or of beef tea on awakening will correct
"But is it not essential that the
stomach should rest ?"
"Undoubtedly. Yet, when hungry
we should eat. Does the infant's
stomach rest as long as the adult's V
Man eats less often only because his
food requires more time for digestion.
Invalids and children at night may
take slowly warm milk, beef-tea or
oat-meal. The vigorous adult can eat
bread, milk, cold beef, chicken, raw
oysters or other such food. Of course,
it must be taken in moderation. You
start home now and take a cup of tea
and a beef sandwich on the way, and
I'll risk your sleeping. Good night !"
A Clergyman for Cleveland.
He Forcibly Tells The Reason Why.
Rev. Augustus Blauvelt writes as fol
I venture the prediction that the vast
majority of us Independent voters,nom
inally Republicans, will steadily adhere
to our present resolution not to vote
for Blaine. It is perfectly futile to en
deavor either to divert us or to delude
us by giving out that the protection of
American industry by a tariff is the
great question of the present campaign.
So far as the financial prosperity of the
country i 3 a leading issue of this Presi
dential contest, the issue is to be met
in either way rather than by a tariff.
In other words, the security of Ameri
can finances, both private and public,
just now far mortdepends upon protec
tion from domestic dishonesty than up
on protection from foreign competition.
In private affairs the methods of a
Ward replete the resources of the peo
ple by the millions. In municipal aff
airs the methods ot a Tweed, long
enough endured, would bankrupt the
metropolis itself. In national affairs
the reputed methods of a Blaine—well,
let us at least see to it that the next
President of the United States is reput
ed to be anhor.est man. And so far as
up to this time any facts have come to
light, any suspicious hayebeen promul
gated, Giover Cleveland is this honest
man, if nothing more. In plain terms,
it would be purely gratutious to enter
tain the remotest suspicion that,in con
nection with the corporations and mo
nopolies and political adventures and
governmental parasites of the country,
such a President as Grover Cleveland
would make could by any possibility
become one of the most engulfing forc
.es of a sort of moral financial mael
strom for the earnings of American in
dustry, the profits of American traffic,
the incomes ot' American investments.
Terms, SI.OO per Year, in Advance.
A Wicked. Deacon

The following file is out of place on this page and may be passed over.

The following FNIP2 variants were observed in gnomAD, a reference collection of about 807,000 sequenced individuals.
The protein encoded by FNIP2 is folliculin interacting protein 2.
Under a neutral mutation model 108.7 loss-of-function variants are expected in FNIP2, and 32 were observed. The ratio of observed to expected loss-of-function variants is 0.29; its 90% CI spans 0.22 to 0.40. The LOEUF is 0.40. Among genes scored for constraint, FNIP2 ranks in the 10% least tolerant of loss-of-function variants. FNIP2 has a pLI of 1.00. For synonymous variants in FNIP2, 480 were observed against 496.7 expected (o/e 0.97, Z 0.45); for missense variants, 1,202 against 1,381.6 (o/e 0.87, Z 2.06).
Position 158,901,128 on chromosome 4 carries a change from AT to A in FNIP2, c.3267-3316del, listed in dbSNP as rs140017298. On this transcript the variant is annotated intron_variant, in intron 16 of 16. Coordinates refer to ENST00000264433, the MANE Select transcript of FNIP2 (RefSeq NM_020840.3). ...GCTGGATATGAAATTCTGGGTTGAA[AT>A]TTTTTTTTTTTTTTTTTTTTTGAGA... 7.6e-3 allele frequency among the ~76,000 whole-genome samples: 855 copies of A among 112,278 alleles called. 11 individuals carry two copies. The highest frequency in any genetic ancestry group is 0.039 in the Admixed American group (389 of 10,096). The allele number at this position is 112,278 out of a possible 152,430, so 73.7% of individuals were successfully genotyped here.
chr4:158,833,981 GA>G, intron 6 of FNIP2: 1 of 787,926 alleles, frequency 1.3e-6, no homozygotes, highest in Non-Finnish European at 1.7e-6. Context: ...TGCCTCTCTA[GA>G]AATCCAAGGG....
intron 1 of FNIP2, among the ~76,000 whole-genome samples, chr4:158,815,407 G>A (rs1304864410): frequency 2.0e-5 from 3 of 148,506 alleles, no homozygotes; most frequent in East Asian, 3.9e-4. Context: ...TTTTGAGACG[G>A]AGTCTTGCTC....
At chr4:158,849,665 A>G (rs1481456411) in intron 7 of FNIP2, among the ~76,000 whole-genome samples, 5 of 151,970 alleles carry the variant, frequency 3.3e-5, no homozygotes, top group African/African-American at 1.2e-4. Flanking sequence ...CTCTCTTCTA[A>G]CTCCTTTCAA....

They have managed to keep up with
tho times at Far liockaway, Long Is
land, all along, in a general way, but
lately they have fallen in the rear in
the matter of church scandals. Tho
Methodists of the town have at last
awakened, however, and come out of
their devotional lethargy to prove that
they are of this ara. Two of the lead
ing members 'of the church are John
flenry A brums, of a general
store at the railroad depot, and Ilenry
Cornell, |his wife's brother, who is a
master of a vessel at liockaway Bay
and a farmer in tho vicinity. Their
church is at Westvllle, in the town of
Hempstead. Cornell, the rough old
sea dog, has a rough, salty way of crit
icising tho saints and a method cf run
ning a church on ship discipline that is
not popular among the landsmen. He
has been especially severe on hypocrisy,
and in his outspoken, brusque way has
made several ot the loudest shouters at
the experience meetings hang their
heads. It was agreed that the Captain
should be sat upon and gagged to pre
yent him giving away church affairs in
discriminately, but there was no one
who volunteered to undertake the se
dentary task; so ho went his wild way.
At last the sea dog fell afoil of his
brother-in-law. He went one day to a
neighboring farmer named James
Hicks, who has a pretty wife, (at least
so Abrams alleges in a complaint he
has sworn to lately), and 'put the deyil
in his head.'
The Captain remarked, artfully :
'llicks, do ycu know that fellow
Abrams? He ain't no Christian,though
he pretends to be,and I tell you because
you ought to know it.'
'Why ain't lie a Christian? asked
Ilicks, pricking up his ears.
'Why, do you remember the revival